FDA announced the establishment of a new policy that provides for the release of lists of retailers that may have received a food subject to a recall. Historically, FDA has not released such information because it is considered confidential commercial information. FDA now has concluded that the publication of such information is necessary in certain circumstances to effectuate a recall, and is therefore authorized under 21 CFR 20.91.
As one step toward implementation of the policy, FDA issued a draft guidance titled Public Availability of Lists of Retail Consignees to Effectuate Certain Human and Animal Food Recalls (available here). Judging by the guidance, FDA has concluded that it has wide latitude in deciding when to make the lists available. It appears that FDA intends to do so primarily in Class I recall situations where the food being recalled is not easily identified as such, and is still available for consumption (based on its shelf-life). However, FDA might choose to also make the lists available in Class II recall situations “where FDA has issued a public warning or where there is an association with an outbreak of a foodborne illness.” Further, FDA might choose to make the lists available in other situations “when doing so will be of most use to consumers in identifying a recalled food and is consistent with 21 CFR 20.91.” Conversely, FDA might choose not to make the lists available “in cases where doing so would undermine a public health warning (for example, if FDA has warned the public to avoid a specific food commodity in general, and there has only been a limited recall of this food).”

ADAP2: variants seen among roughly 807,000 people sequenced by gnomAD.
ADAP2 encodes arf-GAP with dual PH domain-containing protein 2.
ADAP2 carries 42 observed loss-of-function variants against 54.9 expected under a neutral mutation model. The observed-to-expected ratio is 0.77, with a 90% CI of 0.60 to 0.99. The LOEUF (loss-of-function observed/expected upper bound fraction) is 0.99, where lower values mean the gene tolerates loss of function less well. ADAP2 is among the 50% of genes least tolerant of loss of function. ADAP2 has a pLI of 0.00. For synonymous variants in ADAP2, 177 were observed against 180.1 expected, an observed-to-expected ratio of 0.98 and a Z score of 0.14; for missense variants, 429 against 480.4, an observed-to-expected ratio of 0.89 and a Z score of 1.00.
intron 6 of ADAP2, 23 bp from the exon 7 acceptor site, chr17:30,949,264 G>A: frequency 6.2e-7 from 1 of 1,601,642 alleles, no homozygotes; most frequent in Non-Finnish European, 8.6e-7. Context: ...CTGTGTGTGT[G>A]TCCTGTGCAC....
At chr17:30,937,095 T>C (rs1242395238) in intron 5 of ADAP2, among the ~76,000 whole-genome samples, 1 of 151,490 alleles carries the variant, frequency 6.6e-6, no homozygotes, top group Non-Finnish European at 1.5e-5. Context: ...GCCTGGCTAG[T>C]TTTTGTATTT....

Although the guidance was issued in draft form, the policy essentially is in effect. As noted in FDA’s announcement, the agency made a retailer list available earlier this year during a recall of pre-cut melon associated with an outbreak of foodborne illness.